Before moving assets to the cloud, CISOs must determine how much security they're willing to contract out, reports Stephen Lawton.
As cloud computing becomes ubiquitous, small and midsize businesses (SMBs) are looking to it as a way of securing their data more efficiently at a potentially lower cost. While service providers tout the cloud as more secure than a corporate data center, experts are not as certain.
At issue is how the company negotiates its security agreement with the cloud provider. Some vendors offering services to consumers or small businesses, such as Amazon Simple Storage Service, write into their user agreement that the provider is not responsible for any data security at all. At the other end are companies such as Carpathia Hosting of Dulles, Va., which provides cloud services to the CIA and the Departments of Defense and Homeland Security. Between these poles are many options.
The question a CISO must address before contracting with a cloud provider is: For how much security is the company willing to contract and how much will remain its own responsibility, says Simon Crosby, CTO and co-founder of security start-up Bromium.
There are no standard service-level agreements (SLA) for corporate-level cloud providers, he says. Rather, CISOs need to perform detailed risk analysis plans to determine how much security they need to buy and how much they must do themselves. Then they need to determine if their provider of choice is willing and able to offer the required security precautions as part of the SLA.
Generally speaking, Crosby says, commercial providers that cater to companies that have regulatory requirements – such as the Payment Card Industry Data Security Standard (PCI DSS), Health Insurance Portability and Accountability Act of 1996 (HIPAA), Federal Information Security Management Act of 2002 (FISMA) or the Sarbanes–Oxley Act of 2002 (SOX) – will have some security built into their offerings. While selecting such a provider will not guarantee a company will have more secure offerings, these sources generally offer a higher level and better quality of surety than an SMB might be able to, Crosby says.
Too, for a small company, a designated security person can be a significant expense, he says. For a provider, it is already factored in.
“If you don't follow best practices, [your data] will be just as vulnerable locally as in the cloud.”
– Anders Westby, senior manager, Logic20/20
Often, providers will contract with hardware security vendors to have specific products protecting their cloud infrastructure, Crosby adds. CISOs need to ask about which products are being used in order to determine if they meet the company's risk profile. Providers generally do not allow clients to put their own security devices in front of the cloud infrastructure unless the client has dedicated servers at the hosting location.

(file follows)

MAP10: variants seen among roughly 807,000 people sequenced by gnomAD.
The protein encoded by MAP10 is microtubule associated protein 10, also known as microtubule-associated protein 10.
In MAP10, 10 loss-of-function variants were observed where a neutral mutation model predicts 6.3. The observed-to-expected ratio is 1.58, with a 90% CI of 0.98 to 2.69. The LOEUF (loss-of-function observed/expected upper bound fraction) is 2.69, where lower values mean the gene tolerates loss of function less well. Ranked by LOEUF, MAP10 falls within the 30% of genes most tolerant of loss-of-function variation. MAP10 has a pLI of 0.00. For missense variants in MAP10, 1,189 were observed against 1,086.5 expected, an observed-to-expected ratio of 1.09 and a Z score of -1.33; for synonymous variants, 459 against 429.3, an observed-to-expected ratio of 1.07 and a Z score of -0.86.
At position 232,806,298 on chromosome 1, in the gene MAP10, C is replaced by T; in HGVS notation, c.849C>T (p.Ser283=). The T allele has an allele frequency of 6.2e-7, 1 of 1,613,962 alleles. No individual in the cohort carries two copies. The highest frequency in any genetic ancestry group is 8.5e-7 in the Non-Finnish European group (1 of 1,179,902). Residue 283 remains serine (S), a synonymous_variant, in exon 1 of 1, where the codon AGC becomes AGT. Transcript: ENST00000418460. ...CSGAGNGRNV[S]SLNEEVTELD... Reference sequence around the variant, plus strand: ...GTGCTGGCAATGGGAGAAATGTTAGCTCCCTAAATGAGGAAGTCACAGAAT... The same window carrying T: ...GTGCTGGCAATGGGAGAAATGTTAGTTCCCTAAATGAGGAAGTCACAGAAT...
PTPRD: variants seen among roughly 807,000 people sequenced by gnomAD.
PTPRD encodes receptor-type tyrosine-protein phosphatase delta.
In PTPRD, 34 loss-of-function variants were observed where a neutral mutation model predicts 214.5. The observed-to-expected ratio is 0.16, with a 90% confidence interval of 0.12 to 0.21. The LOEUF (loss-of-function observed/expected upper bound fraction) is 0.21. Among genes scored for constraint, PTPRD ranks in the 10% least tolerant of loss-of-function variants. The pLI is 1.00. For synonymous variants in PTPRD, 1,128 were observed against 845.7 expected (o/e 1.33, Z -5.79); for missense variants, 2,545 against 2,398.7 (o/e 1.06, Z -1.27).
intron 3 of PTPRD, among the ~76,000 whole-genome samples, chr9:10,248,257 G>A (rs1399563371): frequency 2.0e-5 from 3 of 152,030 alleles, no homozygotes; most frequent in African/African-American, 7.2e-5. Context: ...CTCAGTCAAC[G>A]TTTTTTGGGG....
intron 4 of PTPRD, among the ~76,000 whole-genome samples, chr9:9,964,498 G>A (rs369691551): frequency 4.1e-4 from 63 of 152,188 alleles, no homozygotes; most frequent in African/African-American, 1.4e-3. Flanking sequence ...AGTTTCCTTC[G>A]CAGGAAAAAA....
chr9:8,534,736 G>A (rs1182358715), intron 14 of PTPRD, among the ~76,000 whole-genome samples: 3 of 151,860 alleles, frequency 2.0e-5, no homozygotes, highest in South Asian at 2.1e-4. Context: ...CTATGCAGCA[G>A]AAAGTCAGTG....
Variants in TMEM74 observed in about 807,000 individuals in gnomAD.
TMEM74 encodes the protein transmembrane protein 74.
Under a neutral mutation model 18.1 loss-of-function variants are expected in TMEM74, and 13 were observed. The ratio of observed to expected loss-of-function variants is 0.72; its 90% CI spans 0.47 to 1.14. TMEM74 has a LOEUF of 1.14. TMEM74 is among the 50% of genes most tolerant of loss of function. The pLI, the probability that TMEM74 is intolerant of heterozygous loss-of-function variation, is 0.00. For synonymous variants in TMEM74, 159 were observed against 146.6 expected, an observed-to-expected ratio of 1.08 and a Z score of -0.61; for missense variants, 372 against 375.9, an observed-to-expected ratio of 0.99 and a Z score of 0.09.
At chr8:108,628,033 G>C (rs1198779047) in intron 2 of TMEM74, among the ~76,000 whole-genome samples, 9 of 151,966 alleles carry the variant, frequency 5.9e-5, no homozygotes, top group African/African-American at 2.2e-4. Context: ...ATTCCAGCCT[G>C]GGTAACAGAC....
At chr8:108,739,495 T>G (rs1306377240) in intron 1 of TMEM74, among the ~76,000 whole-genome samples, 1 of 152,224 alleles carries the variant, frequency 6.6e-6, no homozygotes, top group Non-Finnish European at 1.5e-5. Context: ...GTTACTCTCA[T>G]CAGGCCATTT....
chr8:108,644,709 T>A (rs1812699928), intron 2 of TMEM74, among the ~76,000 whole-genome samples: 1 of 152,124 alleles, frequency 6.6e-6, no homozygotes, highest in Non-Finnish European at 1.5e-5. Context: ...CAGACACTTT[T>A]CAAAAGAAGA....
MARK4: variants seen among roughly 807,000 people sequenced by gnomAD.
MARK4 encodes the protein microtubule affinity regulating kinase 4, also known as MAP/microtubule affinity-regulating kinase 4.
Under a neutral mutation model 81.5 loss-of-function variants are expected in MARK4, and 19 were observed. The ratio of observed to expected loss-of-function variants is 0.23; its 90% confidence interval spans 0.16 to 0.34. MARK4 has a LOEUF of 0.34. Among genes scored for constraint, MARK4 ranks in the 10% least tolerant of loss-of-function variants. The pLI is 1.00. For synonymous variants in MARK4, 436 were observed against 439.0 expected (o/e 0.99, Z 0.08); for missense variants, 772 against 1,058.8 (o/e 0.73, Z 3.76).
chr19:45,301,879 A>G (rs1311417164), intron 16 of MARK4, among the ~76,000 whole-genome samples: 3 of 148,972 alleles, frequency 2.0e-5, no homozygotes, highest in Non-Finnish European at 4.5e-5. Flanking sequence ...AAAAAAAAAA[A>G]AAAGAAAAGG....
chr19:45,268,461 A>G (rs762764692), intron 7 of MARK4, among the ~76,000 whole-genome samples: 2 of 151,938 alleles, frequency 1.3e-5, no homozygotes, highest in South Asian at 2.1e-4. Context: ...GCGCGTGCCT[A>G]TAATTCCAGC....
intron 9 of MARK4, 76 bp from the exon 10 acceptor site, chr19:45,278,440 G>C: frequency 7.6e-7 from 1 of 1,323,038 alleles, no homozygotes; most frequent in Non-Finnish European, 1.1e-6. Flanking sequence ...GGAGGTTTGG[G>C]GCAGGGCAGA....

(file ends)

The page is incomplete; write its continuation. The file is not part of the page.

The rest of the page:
Cloud security inherently is no better or worse than what is in place at corporate data centers, says Anders Westby, a senior manager for Logic20/20, an IT consultancy in Seattle. The bottom line is the same regardless of the physical location of where information is housed. That is, assets must be defended, hardware and software protection needs to be in place, best practices for data assurance needs to be employed and risk must be mitigated. How that is done, be it by a corporate IT department or a service provider, will depend on the level of expertise of the staff and the amount of money a company is willing to spend on protection based on their risk assessment.
“If you use best practices to secure applications, it doesn't matter where the applications are based,” Westby says. “If you don't follow best practices, [your data] will be just as vulnerable locally as in the cloud.”
It is easy enough to look up a company's corporate address and make educated guesses as to whether or not servers will be onsite, Westby says. Often, and particularly for SMBs, the corporate office is where the data center will be housed. For large companies in general, and cloud providers in particular, a corporate office address is no guarantee that it is the location of the data center. Physical access to the data center could be a major vulnerability, he says, so depositories are generally housed in facilities where greater layers of protection are applied.
If a company employs a cloud or hosting provider, it is nearly impossible to determine on which physical servers a particular company's data resides, even if it is possible to breach the physical barriers. For that reason alone, he says, an offsite data center provides a modicum of defense for an SMB. It's a better bet, he says, than having the center in an office building with poor physical security.Customers need to understand what practices their vendor has in place and what they expect their users to provide, he says. However, providers are often hesitant to disclose their security profile as it might identify a vulnerability. If the provider fails to disclose this, Westby advises, the customer should look elsewhere.
Often, he says, a service provider will offer patch management as part of their offerings for smaller companies because it already offers that service to its larger clients. In those cases, it is not uncommon for a company to roll out fresh, fully patched servers to its corporate clients, then migrate their applications and data from the older server to the new, fully protected system. The provider will then take the server that was not patched, replace it with a fully patched version of VMware, Microsoft Virtual Server or whatever server platform it is using, and use that machine as the migration target for the next server in line. Older systems are then upgraded and with minimal to no downtime become the targets for the next machine inline.
Anton Chuvakin, research director in Gartner's IT security and risk management group, says it is inappropriate for an IT executive to ask, “Is the cloud secure”? Rather, he says, the executive should ask if use of the cloud is secure.
And, that is because cloud providers look at security differently than do their customers. Companies should take nothing for granted when selecting a cloud provider, he says. “You can't assume [the provider] has an intrusion protection system (IPS) in front of its servers,”Chuvakin says. Nor that any IPS that a provider does have will be sufficient for the client's required level of security.